The Tax Cuts and Jobs Act has many implications for your Long Island divorce, as it pertains to Spousal Support (aka Alimony) and the Child Tax Credit. The new tax rules may mean you want to speed up your divorce to have it settled before the end of the year (when the new rules take effect). (more…)
Why the Client Narrative is So Important
One of the key pieces of information your Long Island divorce attorney will need to best represent you in your divorce is known as a “Client Narrative”. Your help in providing a descriptive story of your family will prove to be invaluable to your case. Your attorney’s ability to effectively represent you depends on the information available to him or her. Therefore, in order to successfully handle the many important issues surrounding your divorce, it’s critical that you provide your attorney with a detailed history of your marriage. In doing so, you should provide the following information: (more…)
One of the most important documents your divorce attorney will request from you and your spouse in the preparation of your Long Island divorce is known as a Statement of Net Worth (SNW). While this is a detailed document that can seem intimidating at first, it is critical for both your attorney and the court to have an accurate picture of your financial situation to effectively represent you and protect your interests in your divorce. (more…)
Spousal Maintenance, otherwise or formerly known as Alimony, plays a significant part in a majority of Divorce Proceedings handled on Long Island. Spousal maintenance is a creature of statute, and, as such is typically determined by following a formula. However, in certain cases, the courts in Nassau and Suffolk counties can deviate from the statute in a few different ways.
After many years working with countless Long Island parents on the issue of Child Support, I’ve seen the same dilemma many times over. The parents are in the middle of their divorce, or, are contemplating beginning their divorce and the residential parent is not receiving Child Support from the non-residential parent. It’s been an extended length of time, and now resources are running low for the residential parent. He or she feels that there is no other option, but to file for child support. If the parties are in the middle of a divorce, they are already before a Supreme Court judge. However, when dealing with child support specifically, Family Court is usually the faster route. Notwithstanding, there are some risks associated with filing for child support in Family Court during the pendency of your Divorce on Long Island. (more…)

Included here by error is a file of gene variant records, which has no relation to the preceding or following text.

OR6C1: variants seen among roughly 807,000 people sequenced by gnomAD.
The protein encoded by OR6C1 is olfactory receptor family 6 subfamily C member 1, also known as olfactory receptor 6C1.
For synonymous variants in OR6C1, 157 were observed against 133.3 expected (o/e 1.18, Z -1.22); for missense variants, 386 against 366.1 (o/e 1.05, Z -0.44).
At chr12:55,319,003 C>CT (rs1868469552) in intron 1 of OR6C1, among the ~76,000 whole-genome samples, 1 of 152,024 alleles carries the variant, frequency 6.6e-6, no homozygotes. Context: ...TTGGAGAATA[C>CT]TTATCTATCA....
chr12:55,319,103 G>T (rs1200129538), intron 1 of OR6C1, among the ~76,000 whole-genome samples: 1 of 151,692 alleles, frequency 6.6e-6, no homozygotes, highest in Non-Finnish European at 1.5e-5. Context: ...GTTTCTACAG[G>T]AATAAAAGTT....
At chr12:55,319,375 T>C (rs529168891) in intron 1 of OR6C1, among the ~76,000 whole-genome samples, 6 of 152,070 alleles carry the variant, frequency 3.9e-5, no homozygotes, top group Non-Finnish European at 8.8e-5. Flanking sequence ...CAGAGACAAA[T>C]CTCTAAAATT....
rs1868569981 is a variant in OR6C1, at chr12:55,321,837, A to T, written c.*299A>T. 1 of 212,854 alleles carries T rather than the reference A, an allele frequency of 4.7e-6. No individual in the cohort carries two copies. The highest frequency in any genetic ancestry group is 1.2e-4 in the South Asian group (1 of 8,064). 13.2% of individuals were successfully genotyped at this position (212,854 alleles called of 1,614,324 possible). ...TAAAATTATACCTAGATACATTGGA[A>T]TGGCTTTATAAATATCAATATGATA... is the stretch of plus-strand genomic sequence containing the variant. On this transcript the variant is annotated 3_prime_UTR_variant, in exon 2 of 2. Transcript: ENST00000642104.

For many Long Islanders, retirement benefits weigh heavily on their mind when going through a divorce. Long Island is an expensive place to live when you are in a two-income household, and the thought of attempting to afford it on your own after retirement can be daunting. In order to prepare yourself for post-divorce life, it’s important to understand the impact your Long Island Divorce will have on certain retirement benefits. (more…)